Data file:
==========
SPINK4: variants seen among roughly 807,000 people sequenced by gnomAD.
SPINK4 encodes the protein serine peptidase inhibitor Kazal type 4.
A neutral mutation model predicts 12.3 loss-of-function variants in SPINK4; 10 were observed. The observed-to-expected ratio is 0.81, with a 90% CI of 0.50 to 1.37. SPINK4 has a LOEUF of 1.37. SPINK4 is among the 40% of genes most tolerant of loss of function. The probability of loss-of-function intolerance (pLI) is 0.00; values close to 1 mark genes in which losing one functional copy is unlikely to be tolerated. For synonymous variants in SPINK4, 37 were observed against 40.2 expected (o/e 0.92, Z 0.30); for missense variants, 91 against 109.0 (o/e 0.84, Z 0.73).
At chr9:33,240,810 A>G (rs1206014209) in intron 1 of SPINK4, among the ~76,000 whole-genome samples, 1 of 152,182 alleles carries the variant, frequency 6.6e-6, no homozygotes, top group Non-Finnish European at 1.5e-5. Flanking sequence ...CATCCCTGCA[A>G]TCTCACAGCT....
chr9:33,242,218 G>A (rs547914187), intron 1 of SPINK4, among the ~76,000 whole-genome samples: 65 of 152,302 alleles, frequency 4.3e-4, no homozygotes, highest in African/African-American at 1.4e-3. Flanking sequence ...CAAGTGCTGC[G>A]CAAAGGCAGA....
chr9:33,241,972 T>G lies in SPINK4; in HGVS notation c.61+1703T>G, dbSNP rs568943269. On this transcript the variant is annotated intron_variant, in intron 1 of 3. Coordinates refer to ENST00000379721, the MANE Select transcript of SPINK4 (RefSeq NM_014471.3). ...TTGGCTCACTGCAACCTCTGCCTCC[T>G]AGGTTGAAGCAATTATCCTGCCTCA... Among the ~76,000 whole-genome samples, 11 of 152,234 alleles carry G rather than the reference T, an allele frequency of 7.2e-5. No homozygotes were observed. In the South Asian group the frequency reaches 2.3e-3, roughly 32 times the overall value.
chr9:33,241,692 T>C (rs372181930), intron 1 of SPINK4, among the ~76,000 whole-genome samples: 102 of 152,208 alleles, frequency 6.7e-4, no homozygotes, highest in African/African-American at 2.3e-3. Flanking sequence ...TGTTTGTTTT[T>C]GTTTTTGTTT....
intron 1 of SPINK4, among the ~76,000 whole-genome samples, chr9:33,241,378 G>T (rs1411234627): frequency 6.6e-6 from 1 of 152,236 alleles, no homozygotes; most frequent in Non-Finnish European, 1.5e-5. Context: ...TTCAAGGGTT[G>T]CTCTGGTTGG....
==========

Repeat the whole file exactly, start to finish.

SPINK4: variants seen among roughly 807,000 people sequenced by gnomAD.
SPINK4 encodes the protein serine peptidase inhibitor Kazal type 4.
A neutral mutation model predicts 12.3 loss-of-function variants in SPINK4; 10 were observed. The observed-to-expected ratio is 0.81, with a 90% CI of 0.50 to 1.37. SPINK4 has a LOEUF of 1.37. SPINK4 is among the 40% of genes most tolerant of loss of function. The probability of loss-of-function intolerance (pLI) is 0.00; values close to 1 mark genes in which losing one functional copy is unlikely to be tolerated. For synonymous variants in SPINK4, 37 were observed against 40.2 expected (o/e 0.92, Z 0.30); for missense variants, 91 against 109.0 (o/e 0.84, Z 0.73).
At chr9:33,240,810 A>G (rs1206014209) in intron 1 of SPINK4, among the ~76,000 whole-genome samples, 1 of 152,182 alleles carries the variant, frequency 6.6e-6, no homozygotes, top group Non-Finnish European at 1.5e-5. Flanking sequence ...CATCCCTGCA[A>G]TCTCACAGCT....
chr9:33,242,218 G>A (rs547914187), intron 1 of SPINK4, among the ~76,000 whole-genome samples: 65 of 152,302 alleles, frequency 4.3e-4, no homozygotes, highest in African/African-American at 1.4e-3. Flanking sequence ...CAAGTGCTGC[G>A]CAAAGGCAGA....
chr9:33,241,972 T>G lies in SPINK4; in HGVS notation c.61+1703T>G, dbSNP rs568943269. On this transcript the variant is annotated intron_variant, in intron 1 of 3. Coordinates refer to ENST00000379721, the MANE Select transcript of SPINK4 (RefSeq NM_014471.3). ...TTGGCTCACTGCAACCTCTGCCTCC[T>G]AGGTTGAAGCAATTATCCTGCCTCA... Among the ~76,000 whole-genome samples, 11 of 152,234 alleles carry G rather than the reference T, an allele frequency of 7.2e-5. No homozygotes were observed. In the South Asian group the frequency reaches 2.3e-3, roughly 32 times the overall value.
chr9:33,241,692 T>C (rs372181930), intron 1 of SPINK4, among the ~76,000 whole-genome samples: 102 of 152,208 alleles, frequency 6.7e-4, no homozygotes, highest in African/African-American at 2.3e-3. Flanking sequence ...TGTTTGTTTT[T>C]GTTTTTGTTT....
intron 1 of SPINK4, among the ~76,000 whole-genome samples, chr9:33,241,378 G>T (rs1411234627): frequency 6.6e-6 from 1 of 152,236 alleles, no homozygotes; most frequent in Non-Finnish European, 1.5e-5. Context: ...TTCAAGGGTT[G>T]CTCTGGTTGG....